Stronger whistleblower protections proposed for military suffering sexual attacks

A seven-month investigative report by the San Antonio Express-News, June 1, 2013, by Karisa King and 11 other contributors showed that 60 percent of the victims of sexual assault in the military who report the incidents are routinely ignored, harassed, labeled as mentally unfit and transferred or drummed out of the force. Perpetrators are rarely even charged with a criminal offense.

Legislation is in the works to provide stronger whistleblower protection to members of the armed services suffering sexual assault. Key provisions of a law proposed in the House of Representatives by Jackie Spear of California and Mike Coffman of Colorado:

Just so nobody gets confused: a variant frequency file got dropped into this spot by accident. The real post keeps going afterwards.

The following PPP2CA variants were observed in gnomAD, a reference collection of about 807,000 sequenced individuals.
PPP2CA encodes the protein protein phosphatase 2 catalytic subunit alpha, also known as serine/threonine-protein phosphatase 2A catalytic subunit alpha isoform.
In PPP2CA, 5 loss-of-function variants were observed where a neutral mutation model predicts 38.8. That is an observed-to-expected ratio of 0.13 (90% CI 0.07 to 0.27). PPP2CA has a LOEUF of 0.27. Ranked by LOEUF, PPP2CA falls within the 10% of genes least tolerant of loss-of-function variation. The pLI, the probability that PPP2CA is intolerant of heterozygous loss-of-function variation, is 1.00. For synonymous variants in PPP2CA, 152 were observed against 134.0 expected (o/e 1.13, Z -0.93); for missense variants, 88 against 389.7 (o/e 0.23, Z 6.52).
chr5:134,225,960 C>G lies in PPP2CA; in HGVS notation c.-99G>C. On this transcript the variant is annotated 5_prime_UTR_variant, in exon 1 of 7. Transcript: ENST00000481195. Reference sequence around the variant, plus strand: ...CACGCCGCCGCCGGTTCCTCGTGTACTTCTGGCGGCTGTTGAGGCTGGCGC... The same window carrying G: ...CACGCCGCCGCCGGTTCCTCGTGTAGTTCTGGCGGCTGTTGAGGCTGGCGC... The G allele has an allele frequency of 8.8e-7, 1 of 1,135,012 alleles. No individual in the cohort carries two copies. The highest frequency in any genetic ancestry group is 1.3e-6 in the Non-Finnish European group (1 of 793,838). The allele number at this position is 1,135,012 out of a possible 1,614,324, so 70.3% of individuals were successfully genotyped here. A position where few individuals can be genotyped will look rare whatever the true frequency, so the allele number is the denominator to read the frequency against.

• More disclosures of wrongdoing are protected—including those made during one’s normal job duties, in the chain of command, or regarding sexual assault and other misconduct.
  • Service members have the same shot at proving they have suffered retribution that has long been the standard for other federal employees and private sector whistleblowers.
  • Those affected have a reasonable opportunity to file a complaint (the bill extends the current 60-day statute of limitations to one year).
  • A more credible review process is put into place to streamline requests for hearings before the Board for the Correction of Military Records to correct the service record of those who suffer retaliation (currently only 19 percent take efforts to correct their records).
  • An Inspector General must take action to make a determination of retaliation, and if substantiated, the military must provide corrective relief to service member who suffered retaliation and discipline those who retaliated. (Project on Government Oversight [POGO]), June 4, 2013) -db